Code contracts let you specify contractual information that is not represented by a method's or type's signature alone. The new System.Diagnostics.Contracts namespace contains classes that provide a language-neutral way to express coding assumptions in the form of preconditions, postconditions, and object invariants. The contracts improve testing with run-time checking, enable static contract verification, and support documentation generation.
Design-Time-Only Interop Assemblies
You no longer have to ship primary interop assemblies (PIAs) to deploy applications that interoperate with COM objects. In the .NET Framework 4, compilers can embed type information from interop assemblies, selecting only the types that an application (for example, an add-in) actually uses. Type safety is ensured by the common language runtime. See Using COM Types in Managed Code and Walkthrough: Embedding Type Information from Microsoft Office Assemblies (C# and Visual Basic).
Dynamic Language Runtime
The dynamic language runtime (DLR) is a new runtime environment that adds a set of services for dynamic languages to the CLR. The DLR makes it easier to develop dynamic languages to run on the .NET Framework and to add dynamic features to statically typed languages. To support the DLR, the new System.Dynamic namespace is added to the .NET Framework.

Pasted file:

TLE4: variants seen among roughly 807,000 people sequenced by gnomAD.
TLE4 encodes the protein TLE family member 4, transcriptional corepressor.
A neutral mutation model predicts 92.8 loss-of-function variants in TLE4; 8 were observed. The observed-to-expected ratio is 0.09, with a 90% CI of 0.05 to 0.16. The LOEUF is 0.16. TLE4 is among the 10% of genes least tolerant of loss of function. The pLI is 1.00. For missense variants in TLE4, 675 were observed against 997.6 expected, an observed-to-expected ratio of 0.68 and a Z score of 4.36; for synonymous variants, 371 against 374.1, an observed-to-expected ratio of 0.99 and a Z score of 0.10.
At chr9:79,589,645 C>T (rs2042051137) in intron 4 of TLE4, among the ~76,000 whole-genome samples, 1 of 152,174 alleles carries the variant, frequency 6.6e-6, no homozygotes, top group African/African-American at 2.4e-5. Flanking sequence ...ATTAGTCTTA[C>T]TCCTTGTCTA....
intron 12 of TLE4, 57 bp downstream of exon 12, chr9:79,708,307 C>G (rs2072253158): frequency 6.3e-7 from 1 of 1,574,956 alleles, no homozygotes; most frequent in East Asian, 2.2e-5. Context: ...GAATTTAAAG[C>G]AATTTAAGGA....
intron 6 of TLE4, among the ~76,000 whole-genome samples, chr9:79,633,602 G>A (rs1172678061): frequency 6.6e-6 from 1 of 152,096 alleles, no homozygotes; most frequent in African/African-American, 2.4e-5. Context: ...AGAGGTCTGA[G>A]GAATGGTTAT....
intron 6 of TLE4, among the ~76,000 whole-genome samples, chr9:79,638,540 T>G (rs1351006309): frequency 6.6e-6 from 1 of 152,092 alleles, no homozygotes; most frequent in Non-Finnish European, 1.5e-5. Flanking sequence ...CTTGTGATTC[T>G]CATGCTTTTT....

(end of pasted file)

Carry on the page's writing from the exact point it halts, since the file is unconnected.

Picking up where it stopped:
The expression trees are extended with new types that represent control flow, for example, System.Linq.Expressions.LoopExpression and System.Linq.Expressions.TryExpression. These new types are used by the dynamic language runtime (DLR) and not used by LINQ.
In addition, several new classes that support the .NET Framework infrastructure are added to the System.Runtime.CompilerServices namespace.
Covariance and Contravariance
Several generic interfaces and delegates now support covariance and contravariance.
Several generic interfaces and delegates now support covariance and contravariance.
BigInteger and Complex Numbers
The new System.Numerics.BigInteger structure is an arbitrary-precision integer data type that supports all the standard integer operations, including bit manipulation. It can be used from any .NET Framework language. In addition, some of the new .NET Framework languages (such as F# and IronPython) have built-in support for this structure.
The new System.Numerics.Complex structure represents a complex number that supports arithmetic and trigonometric operations with complex numbers.
The .NET Framework 4 provides the System.Tuple class for creating tuple objects that contain structured data. It also provides generic tuple classes to support tuples that have from one to eight components (that is, singletons through octuples). To support tuple objects that have nine or more components, there is a generic tuple class with seven type parameters and an eighth parameter of any tuple type
File System Enumeration Improvements